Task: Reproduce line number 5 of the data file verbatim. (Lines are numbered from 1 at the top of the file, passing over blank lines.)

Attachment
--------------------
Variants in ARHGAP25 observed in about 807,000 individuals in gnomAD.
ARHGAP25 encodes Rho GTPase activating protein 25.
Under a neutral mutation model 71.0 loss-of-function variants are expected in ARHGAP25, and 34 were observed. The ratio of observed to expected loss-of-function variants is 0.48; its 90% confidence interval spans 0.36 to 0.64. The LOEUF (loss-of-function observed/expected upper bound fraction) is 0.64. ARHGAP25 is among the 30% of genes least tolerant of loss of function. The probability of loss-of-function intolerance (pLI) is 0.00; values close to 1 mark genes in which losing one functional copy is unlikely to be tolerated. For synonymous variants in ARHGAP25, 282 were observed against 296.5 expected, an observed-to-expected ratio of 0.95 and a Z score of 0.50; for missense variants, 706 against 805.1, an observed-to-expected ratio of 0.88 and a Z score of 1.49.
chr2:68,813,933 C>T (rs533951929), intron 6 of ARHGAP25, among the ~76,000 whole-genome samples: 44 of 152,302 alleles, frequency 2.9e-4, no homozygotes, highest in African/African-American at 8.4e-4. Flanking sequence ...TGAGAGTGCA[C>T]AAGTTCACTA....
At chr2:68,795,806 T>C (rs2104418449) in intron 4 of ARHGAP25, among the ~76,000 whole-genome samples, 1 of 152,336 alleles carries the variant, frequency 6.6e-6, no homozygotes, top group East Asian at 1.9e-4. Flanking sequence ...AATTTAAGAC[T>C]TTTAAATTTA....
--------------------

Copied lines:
At chr2:68,795,806 T>C (rs2104418449) in intron 4 of ARHGAP25, among the ~76,000 whole-genome samples, 1 of 152,336 alleles carries the variant, frequency 6.6e-6, no homozygotes, top group East Asian at 1.9e-4. Flanking sequence ...AATTTAAGAC[T>C]TTTAAATTTA....